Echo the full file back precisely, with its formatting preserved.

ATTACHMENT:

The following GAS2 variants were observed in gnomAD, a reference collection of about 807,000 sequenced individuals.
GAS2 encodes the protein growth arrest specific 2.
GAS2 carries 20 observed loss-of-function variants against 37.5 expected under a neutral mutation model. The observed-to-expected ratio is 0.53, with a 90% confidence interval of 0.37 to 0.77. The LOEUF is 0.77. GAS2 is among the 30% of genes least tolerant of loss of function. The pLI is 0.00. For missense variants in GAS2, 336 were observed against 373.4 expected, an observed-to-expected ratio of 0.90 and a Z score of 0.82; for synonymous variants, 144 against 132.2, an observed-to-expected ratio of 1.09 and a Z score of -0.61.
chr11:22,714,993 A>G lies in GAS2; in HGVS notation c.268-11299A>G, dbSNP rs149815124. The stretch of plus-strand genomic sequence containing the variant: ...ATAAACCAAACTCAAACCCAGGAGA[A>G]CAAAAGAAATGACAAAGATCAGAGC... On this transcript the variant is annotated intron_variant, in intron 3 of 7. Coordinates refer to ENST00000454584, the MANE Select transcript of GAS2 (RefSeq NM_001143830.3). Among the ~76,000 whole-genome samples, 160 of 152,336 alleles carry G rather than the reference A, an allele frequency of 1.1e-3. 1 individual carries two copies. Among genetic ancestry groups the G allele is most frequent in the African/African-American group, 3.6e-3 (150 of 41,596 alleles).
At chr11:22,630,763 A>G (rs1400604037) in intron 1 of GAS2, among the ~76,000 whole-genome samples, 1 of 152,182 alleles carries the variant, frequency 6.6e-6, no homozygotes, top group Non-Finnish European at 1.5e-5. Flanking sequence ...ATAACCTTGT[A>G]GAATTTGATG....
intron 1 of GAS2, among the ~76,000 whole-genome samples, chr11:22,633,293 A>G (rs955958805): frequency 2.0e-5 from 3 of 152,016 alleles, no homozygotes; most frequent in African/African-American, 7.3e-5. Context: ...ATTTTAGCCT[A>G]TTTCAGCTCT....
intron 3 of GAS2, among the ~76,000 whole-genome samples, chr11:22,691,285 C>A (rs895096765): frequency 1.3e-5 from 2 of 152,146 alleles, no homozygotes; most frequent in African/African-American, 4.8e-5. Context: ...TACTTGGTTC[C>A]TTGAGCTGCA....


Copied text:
The following GAS2 variants were observed in gnomAD, a reference collection of about 807,000 sequenced individuals.
GAS2 encodes the protein growth arrest specific 2.
GAS2 carries 20 observed loss-of-function variants against 37.5 expected under a neutral mutation model. The observed-to-expected ratio is 0.53, with a 90% confidence interval of 0.37 to 0.77. The LOEUF is 0.77. GAS2 is among the 30% of genes least tolerant of loss of function. The pLI is 0.00. For missense variants in GAS2, 336 were observed against 373.4 expected, an observed-to-expected ratio of 0.90 and a Z score of 0.82; for synonymous variants, 144 against 132.2, an observed-to-expected ratio of 1.09 and a Z score of -0.61.
chr11:22,714,993 A>G lies in GAS2; in HGVS notation c.268-11299A>G, dbSNP rs149815124. The stretch of plus-strand genomic sequence containing the variant: ...ATAAACCAAACTCAAACCCAGGAGA[A>G]CAAAAGAAATGACAAAGATCAGAGC... On this transcript the variant is annotated intron_variant, in intron 3 of 7. Coordinates refer to ENST00000454584, the MANE Select transcript of GAS2 (RefSeq NM_001143830.3). Among the ~76,000 whole-genome samples, 160 of 152,336 alleles carry G rather than the reference A, an allele frequency of 1.1e-3. 1 individual carries two copies. Among genetic ancestry groups the G allele is most frequent in the African/African-American group, 3.6e-3 (150 of 41,596 alleles).
At chr11:22,630,763 A>G (rs1400604037) in intron 1 of GAS2, among the ~76,000 whole-genome samples, 1 of 152,182 alleles carries the variant, frequency 6.6e-6, no homozygotes, top group Non-Finnish European at 1.5e-5. Flanking sequence ...ATAACCTTGT[A>G]GAATTTGATG....
intron 1 of GAS2, among the ~76,000 whole-genome samples, chr11:22,633,293 A>G (rs955958805): frequency 2.0e-5 from 3 of 152,016 alleles, no homozygotes; most frequent in African/African-American, 7.3e-5. Context: ...ATTTTAGCCT[A>G]TTTCAGCTCT....
intron 3 of GAS2, among the ~76,000 whole-genome samples, chr11:22,691,285 C>A (rs895096765): frequency 1.3e-5 from 2 of 152,146 alleles, no homozygotes; most frequent in African/African-American, 4.8e-5. Context: ...TACTTGGTTC[C>A]TTGAGCTGCA....